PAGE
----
Zimbabwe wildlife land reform expected to greatly impact tourism
A leading wildlife expert in Zimbabwe has warned that government's push to implement the controversial wildlife based land reform will have "a huge" impact on tourism.
A leading wildlife expert in Zimbabwe has warned that government’s push to implement the controversial wildlife based land reform will have “a huge” impact on tourism.
Johnny Rodrigues, chairman of the Zimbabwe Conservation Task Force, told SW Radio Africa on Wednesday that wildlife is the hallmark of tourism in Zimbabwe and any further disturbances to the industry will kill off the sector. “It’s a pity people are being used as political tools. Elections are coming and this is why you have people who support the regime going into these conservancies. Genuine conservationists had the welfare of animals at heart.
“But to suggest that bringing in new faces aligned to one political party and hope they will turn around wildlife conservancy as part of this new policy is just fantasy and pure greed,” Rodrigues said.
Authorities announced on Tuesday that they will now start forcing the predominantly white conservancy owners to join with black partners in a new round of so-called land reforms.
Parks and Wildlife Authority Director-General, Vitalis Chadenga, described the new policy as “one of the unfinished businesses of the land reform program.” It has mainly targeted ranches and conservancies situated in the southern half of Zimbabwe.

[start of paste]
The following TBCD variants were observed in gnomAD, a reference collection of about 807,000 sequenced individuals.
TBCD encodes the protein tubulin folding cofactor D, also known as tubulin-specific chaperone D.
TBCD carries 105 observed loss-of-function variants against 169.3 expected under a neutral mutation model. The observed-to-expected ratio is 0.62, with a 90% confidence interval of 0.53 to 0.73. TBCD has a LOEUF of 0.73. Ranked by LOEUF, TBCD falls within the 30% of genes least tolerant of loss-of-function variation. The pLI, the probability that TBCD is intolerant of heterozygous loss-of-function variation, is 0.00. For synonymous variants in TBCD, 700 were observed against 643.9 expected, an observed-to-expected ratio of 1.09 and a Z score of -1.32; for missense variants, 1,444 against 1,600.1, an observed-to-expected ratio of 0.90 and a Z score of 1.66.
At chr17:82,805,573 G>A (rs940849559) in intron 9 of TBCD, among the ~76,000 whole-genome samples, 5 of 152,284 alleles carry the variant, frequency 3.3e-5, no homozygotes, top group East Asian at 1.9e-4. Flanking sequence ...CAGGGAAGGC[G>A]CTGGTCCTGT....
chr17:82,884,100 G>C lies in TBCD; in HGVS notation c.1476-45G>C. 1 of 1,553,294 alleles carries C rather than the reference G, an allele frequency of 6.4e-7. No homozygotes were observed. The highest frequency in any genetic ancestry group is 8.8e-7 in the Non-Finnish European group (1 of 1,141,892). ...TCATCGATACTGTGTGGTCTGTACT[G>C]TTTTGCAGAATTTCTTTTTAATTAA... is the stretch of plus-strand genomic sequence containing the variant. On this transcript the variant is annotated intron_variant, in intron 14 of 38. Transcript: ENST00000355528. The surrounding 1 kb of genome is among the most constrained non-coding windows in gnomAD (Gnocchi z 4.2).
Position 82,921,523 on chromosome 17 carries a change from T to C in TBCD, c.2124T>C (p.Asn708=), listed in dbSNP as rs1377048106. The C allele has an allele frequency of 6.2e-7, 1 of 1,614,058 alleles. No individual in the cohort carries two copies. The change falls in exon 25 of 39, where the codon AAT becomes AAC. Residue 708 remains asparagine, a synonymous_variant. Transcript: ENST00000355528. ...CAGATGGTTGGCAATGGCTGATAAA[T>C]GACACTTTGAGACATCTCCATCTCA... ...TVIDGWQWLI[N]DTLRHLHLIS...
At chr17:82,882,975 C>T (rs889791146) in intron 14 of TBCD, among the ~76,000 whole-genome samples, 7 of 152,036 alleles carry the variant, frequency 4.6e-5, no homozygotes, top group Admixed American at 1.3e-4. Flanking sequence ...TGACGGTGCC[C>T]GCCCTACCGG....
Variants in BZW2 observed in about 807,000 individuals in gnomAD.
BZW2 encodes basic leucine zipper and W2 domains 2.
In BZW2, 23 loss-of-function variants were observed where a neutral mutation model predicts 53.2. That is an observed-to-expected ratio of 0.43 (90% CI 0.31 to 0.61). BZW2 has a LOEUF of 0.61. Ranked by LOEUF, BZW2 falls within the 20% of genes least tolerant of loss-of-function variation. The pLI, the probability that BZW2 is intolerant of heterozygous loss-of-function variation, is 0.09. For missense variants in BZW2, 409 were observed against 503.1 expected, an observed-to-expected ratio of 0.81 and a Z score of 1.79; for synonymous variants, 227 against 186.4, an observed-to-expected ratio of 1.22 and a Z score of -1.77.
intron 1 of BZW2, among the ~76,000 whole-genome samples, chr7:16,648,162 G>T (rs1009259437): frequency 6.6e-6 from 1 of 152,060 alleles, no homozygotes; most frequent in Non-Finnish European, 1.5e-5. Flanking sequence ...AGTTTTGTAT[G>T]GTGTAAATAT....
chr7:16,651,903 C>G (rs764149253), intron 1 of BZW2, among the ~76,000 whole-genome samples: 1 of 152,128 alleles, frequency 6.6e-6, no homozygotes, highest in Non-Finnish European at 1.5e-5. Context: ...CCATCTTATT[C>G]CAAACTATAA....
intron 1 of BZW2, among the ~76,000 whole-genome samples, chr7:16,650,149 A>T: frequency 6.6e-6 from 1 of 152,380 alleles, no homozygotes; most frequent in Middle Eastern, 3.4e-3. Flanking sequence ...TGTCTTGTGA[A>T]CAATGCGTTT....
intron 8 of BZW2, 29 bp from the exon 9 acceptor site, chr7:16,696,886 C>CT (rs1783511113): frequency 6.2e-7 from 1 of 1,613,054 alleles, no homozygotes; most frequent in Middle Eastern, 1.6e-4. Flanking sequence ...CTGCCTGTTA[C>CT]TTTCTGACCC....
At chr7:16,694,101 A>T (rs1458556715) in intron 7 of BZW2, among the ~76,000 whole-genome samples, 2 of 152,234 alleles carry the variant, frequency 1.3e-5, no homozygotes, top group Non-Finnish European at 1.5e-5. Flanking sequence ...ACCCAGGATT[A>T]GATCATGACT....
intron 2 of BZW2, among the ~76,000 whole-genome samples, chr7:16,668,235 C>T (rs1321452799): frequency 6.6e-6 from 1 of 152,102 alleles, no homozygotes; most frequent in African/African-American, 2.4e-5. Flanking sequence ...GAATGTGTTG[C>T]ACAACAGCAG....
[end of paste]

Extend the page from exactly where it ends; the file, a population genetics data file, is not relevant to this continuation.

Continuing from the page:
Chadenga told the state-controlled Herald the wildlife-based land reform policy will see at least 60 indigenous people getting leases from the government or “sharing” conservancies with white former owners. Sharing means the owners will be forced to give up 51% of their shares.
Most of those eyeing the conservancies are ZANU PF heavyweights and senior military personnel, who include cabinet Minister Stan Mudenge, Masvingo Governor Titus Maluleke, former deputy Minister Shuvai Mahofa, Major-General Engelbert Rugeje, and retired Brigadier-General Gibson Mashingaidze.
Rodrigues said wildlife management is a specialized field and people who were qualified to care for the wildlife have been driven off their properties to make way for people who, in most cases, have no experience in the field.
“A decade ago, we had 640 game ranches in Zimbabwe but it’s now gone down to 5. Of 14 conservancies before 2000, the last one was grabbed only recently, leaving none at all. Animals are being killed indiscriminately and there’s a lot of commercial poaching as well,” Rodrigues added.
Unscrupulous hunters and safari operators from South Africa and Botswana are targeting Zimbabwe and have reportedly been responsible for hunting the very few animals left. They are also reportedly buying hunts from the new settlers, who have no idea what hunts are really worth, so they are paid a very small sum, allowing huge profits to be made by the unscrupulous hunters.
“Tourism is being hugely affected by this. They are spending millions marketing tourism and telling the world they want the tourists to come back. The tourists aren’t going to come back because the basics and principals of the industry have been thrown out the window,” according to Rodrigues.
Two years ago, the head of the United Nations program to protect endangered species said that Zimbabwean security forces were spearheading the poaching of elephants and rhinos in the country.